Sean laughs at him. "Billy, Billy, Billy. When did you get so serious about everything? I figure you're usually up half the night, you could probably use a break in the daytime. 'Sides, man, it's what I do. You guys don't call me 'Seanwise' for nothing."

"True enough." Billy laughs a little too. If Sean had been on the Titanic, he'd probably have been running around making sure everyone else got into the lifeboats. Most likely bringing them packets of sandwiches and flasks of hot cocoa for the journey, as well.

It's only…

"Sometimes…" Billy begins. There's a lump in his throat and it's hard to speak, he finds, much less put his paranoia into words. "I'm not sure Dom remembers me."

His friend throws him a sharp look--as sharp as he's capable of, anyway. "What makes you say that?" The words themselves sound abrupt, but his tone, even for Sean, is extraordinarily kind.

"Little things." Billy rubs at his throat; he feels as if he's swallowed a boulder.

"Little things," Sean echoes, shaking his head. "Oh, Billy, you have no idea…" He pauses, sucking in a deep breath. "I'm afraid it's not so little. How does 1990 sound to you?"

"1990?" In that year he'd been the age Dom was when they first met, well into his job at the bookbindery. In 1990 Dom would have been what? Fourteen--no, thirteen, for most of the year anyway, since his birthday came at the end. A precocious boy barely into his teens. "Sean, what are you telling me?"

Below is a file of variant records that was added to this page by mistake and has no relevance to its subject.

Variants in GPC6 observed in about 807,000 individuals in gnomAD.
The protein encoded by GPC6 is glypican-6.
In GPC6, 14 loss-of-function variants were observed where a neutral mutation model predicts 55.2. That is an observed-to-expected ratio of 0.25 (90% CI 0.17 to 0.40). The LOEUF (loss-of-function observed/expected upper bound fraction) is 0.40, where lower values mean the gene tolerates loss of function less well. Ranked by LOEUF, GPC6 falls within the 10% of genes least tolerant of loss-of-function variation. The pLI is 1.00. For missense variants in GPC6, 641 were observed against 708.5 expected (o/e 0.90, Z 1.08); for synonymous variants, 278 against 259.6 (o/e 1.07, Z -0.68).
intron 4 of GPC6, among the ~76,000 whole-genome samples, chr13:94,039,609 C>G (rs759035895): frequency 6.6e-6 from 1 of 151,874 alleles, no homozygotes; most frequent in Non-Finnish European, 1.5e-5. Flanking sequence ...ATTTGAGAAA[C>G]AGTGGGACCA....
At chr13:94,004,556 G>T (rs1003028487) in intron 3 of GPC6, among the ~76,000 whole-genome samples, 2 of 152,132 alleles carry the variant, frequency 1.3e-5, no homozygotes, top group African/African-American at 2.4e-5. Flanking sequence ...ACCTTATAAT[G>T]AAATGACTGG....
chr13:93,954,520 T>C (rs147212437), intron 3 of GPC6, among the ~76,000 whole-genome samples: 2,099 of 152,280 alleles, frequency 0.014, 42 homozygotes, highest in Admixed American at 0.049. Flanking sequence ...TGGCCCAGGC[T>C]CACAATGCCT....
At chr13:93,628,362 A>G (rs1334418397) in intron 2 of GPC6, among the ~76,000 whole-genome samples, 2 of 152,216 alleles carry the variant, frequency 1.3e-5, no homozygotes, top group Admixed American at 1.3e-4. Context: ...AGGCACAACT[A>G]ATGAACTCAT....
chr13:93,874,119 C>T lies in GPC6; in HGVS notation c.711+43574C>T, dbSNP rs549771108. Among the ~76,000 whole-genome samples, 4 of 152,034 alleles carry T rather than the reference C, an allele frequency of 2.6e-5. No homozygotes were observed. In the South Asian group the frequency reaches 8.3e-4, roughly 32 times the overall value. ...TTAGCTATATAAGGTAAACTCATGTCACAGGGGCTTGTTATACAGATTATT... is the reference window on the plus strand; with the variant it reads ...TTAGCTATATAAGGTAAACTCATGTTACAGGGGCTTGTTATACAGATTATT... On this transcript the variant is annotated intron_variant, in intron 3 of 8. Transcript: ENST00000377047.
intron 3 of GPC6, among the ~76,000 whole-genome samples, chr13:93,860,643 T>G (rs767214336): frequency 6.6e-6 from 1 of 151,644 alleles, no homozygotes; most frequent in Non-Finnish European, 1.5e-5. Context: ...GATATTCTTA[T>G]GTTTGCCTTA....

"I wasn't supposed to say, but what the hell? You should know. You need to know."

"Know what?" Billy can hear his own voice dropping low, a dangerous note creeping in.

"Hey, you don't need to go all gunslinger on me."

"Sorry." Billy rubs his eyes. "Sorry. For 'going gunslinger,' that is." He gestures suddenly. "Oi! Toni's turning."

"Is this the place? I thought it was later." Incredibly, Sean flicks on his turn signal, and Billy can't help laughing at him, just a bit.

"Safety Sean! And I say it with love."

"Screw you," Sean answers, laughing too. "I can't seem to break the habit. It's in my muscle memory--is that what it's called?--or something."

"Forget it. What did you mean by 'how does 1990 sound?'"